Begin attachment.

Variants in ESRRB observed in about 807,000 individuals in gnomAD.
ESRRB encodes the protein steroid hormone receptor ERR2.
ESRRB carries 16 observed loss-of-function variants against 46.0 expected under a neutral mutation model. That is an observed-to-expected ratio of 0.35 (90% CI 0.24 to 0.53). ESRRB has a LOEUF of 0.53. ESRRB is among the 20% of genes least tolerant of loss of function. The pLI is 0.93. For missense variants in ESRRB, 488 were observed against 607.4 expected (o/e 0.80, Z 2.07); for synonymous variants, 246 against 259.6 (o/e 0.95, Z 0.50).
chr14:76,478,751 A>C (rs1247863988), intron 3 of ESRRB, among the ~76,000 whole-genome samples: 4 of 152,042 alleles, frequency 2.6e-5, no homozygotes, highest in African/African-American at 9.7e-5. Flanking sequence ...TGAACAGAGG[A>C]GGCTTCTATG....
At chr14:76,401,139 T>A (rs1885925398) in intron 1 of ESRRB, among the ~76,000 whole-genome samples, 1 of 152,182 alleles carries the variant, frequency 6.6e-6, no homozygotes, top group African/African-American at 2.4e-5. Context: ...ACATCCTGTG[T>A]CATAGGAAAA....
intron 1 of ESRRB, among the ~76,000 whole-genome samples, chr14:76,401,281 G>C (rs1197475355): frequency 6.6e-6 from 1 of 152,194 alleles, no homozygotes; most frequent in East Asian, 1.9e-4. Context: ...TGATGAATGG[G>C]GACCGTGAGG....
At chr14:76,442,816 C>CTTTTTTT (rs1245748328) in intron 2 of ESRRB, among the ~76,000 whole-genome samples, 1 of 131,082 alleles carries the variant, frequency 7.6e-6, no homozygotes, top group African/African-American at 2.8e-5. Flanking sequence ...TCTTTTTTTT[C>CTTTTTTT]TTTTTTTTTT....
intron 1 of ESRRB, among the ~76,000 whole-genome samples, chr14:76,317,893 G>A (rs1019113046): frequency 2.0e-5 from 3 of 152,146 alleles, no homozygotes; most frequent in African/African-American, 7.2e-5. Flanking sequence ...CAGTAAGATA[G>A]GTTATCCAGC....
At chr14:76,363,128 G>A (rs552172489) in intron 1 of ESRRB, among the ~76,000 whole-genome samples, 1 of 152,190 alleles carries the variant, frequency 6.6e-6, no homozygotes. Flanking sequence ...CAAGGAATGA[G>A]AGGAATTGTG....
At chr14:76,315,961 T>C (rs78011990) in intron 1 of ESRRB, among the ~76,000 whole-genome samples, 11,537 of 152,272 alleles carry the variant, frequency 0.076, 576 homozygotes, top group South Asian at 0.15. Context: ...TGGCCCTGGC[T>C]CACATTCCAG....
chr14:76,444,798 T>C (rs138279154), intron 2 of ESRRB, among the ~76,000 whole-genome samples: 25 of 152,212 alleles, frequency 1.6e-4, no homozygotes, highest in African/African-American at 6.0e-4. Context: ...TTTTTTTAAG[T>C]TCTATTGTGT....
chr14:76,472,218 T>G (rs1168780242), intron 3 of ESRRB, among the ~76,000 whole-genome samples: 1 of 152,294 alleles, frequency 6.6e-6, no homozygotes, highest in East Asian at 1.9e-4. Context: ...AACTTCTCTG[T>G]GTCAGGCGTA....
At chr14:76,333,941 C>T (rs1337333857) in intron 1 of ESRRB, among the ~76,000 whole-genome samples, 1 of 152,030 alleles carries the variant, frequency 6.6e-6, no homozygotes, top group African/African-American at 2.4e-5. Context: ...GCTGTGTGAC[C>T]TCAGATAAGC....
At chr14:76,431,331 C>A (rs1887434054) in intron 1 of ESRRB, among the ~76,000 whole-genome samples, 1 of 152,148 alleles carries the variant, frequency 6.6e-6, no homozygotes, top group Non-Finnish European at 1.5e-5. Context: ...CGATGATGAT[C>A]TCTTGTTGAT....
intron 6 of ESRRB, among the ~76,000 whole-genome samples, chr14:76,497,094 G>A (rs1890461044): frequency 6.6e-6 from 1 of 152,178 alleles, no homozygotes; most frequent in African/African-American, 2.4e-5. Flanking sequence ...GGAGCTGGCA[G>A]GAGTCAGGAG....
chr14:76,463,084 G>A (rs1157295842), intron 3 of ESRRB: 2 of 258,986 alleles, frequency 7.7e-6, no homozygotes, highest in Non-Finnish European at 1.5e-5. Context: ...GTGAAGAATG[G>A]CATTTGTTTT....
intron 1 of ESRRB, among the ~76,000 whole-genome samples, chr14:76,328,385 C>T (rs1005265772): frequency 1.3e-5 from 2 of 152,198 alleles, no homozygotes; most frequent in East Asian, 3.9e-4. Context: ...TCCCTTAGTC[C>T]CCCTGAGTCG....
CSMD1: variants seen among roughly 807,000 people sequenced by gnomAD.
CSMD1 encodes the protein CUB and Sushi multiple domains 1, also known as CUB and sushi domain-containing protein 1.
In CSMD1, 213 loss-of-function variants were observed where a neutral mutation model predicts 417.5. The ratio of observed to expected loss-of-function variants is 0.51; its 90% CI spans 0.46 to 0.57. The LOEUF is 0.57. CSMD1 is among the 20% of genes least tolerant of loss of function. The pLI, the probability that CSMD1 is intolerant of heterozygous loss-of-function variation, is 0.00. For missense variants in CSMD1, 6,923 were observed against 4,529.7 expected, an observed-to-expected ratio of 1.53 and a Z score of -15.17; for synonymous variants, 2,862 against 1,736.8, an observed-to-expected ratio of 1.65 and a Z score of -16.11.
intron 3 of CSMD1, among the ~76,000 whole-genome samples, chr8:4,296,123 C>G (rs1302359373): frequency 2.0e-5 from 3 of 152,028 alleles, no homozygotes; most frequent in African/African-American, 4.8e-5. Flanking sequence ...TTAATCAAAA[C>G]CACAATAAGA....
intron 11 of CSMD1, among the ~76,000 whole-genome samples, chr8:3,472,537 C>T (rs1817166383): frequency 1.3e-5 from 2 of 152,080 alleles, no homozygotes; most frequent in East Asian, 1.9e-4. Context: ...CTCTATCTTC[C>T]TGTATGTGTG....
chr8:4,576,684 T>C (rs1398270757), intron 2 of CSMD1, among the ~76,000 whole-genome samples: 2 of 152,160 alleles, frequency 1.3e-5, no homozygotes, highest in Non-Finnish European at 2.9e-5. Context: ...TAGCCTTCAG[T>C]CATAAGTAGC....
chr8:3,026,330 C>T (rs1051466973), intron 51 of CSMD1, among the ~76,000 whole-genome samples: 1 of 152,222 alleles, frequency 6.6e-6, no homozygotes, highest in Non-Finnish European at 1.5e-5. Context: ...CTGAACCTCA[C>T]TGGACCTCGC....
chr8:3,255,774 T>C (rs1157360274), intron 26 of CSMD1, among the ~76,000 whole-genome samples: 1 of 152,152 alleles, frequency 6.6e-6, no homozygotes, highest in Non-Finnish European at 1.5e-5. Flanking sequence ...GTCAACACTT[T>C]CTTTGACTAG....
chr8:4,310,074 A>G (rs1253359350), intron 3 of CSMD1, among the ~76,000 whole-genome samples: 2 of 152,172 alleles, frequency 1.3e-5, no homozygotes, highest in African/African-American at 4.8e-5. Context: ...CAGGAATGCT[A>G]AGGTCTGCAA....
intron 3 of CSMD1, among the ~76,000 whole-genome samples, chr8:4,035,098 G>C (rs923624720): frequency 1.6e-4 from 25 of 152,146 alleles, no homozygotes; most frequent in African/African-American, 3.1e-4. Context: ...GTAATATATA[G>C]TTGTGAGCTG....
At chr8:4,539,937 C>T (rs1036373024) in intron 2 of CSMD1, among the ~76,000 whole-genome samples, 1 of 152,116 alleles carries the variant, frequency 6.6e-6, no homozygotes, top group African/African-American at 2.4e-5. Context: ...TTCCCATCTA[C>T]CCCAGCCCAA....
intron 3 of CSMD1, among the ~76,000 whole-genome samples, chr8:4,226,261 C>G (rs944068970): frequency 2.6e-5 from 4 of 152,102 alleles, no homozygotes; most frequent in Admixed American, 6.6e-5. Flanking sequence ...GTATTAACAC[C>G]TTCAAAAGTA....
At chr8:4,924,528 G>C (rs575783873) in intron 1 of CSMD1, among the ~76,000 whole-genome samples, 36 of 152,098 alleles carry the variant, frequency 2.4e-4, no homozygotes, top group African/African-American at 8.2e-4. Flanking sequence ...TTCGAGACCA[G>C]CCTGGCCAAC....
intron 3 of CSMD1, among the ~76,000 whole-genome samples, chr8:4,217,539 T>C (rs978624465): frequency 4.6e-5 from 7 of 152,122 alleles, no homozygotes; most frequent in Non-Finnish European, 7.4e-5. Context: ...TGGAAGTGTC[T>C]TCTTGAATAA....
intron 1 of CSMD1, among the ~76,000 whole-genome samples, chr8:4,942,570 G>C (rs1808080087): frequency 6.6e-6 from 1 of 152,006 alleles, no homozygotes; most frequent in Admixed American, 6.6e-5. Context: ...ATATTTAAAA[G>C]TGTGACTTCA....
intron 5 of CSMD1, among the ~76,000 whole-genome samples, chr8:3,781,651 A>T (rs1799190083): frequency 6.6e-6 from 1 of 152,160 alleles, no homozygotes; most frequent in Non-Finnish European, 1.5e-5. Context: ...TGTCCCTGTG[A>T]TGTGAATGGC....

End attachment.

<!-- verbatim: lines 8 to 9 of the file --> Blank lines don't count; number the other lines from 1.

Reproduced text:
intron 1 of ESRRB, among the ~76,000 whole-genome samples, chr14:76,317,893 G>A (rs1019113046): frequency 2.0e-5 from 3 of 152,146 alleles, no homozygotes; most frequent in African/African-American, 7.2e-5. Flanking sequence ...CAGTAAGATA[G>A]GTTATCCAGC....
At chr14:76,363,128 G>A (rs552172489) in intron 1 of ESRRB, among the ~76,000 whole-genome samples, 1 of 152,190 alleles carries the variant, frequency 6.6e-6, no homozygotes. Flanking sequence ...CAAGGAATGA[G>A]AGGAATTGTG....